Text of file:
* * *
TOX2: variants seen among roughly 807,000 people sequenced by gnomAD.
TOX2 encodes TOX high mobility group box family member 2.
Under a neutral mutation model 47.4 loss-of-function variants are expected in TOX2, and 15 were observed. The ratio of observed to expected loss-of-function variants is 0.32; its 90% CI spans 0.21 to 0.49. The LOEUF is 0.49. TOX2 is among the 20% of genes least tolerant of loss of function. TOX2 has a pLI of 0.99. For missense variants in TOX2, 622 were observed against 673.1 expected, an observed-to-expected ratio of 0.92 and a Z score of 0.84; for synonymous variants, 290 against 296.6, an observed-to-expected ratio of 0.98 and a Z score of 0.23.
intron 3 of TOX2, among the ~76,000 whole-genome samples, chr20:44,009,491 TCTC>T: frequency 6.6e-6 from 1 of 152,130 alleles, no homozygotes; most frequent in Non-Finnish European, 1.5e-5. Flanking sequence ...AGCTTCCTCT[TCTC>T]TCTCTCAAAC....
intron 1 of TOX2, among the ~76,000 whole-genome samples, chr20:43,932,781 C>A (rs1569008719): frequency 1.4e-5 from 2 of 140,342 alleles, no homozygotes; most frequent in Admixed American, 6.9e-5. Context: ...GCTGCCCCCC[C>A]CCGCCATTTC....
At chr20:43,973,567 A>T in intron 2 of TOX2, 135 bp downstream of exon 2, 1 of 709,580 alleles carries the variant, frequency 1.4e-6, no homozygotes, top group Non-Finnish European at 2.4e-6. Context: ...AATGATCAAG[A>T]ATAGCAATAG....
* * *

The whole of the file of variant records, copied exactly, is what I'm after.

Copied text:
TOX2: variants seen among roughly 807,000 people sequenced by gnomAD.
TOX2 encodes TOX high mobility group box family member 2.
Under a neutral mutation model 47.4 loss-of-function variants are expected in TOX2, and 15 were observed. The ratio of observed to expected loss-of-function variants is 0.32; its 90% CI spans 0.21 to 0.49. The LOEUF is 0.49. TOX2 is among the 20% of genes least tolerant of loss of function. TOX2 has a pLI of 0.99. For missense variants in TOX2, 622 were observed against 673.1 expected, an observed-to-expected ratio of 0.92 and a Z score of 0.84; for synonymous variants, 290 against 296.6, an observed-to-expected ratio of 0.98 and a Z score of 0.23.
intron 3 of TOX2, among the ~76,000 whole-genome samples, chr20:44,009,491 TCTC>T: frequency 6.6e-6 from 1 of 152,130 alleles, no homozygotes; most frequent in Non-Finnish European, 1.5e-5. Flanking sequence ...AGCTTCCTCT[TCTC>T]TCTCTCAAAC....
intron 1 of TOX2, among the ~76,000 whole-genome samples, chr20:43,932,781 C>A (rs1569008719): frequency 1.4e-5 from 2 of 140,342 alleles, no homozygotes; most frequent in Admixed American, 6.9e-5. Context: ...GCTGCCCCCC[C>A]CCGCCATTTC....
At chr20:43,973,567 A>T in intron 2 of TOX2, 135 bp downstream of exon 2, 1 of 709,580 alleles carries the variant, frequency 1.4e-6, no homozygotes, top group Non-Finnish European at 2.4e-6. Context: ...AATGATCAAG[A>T]ATAGCAATAG....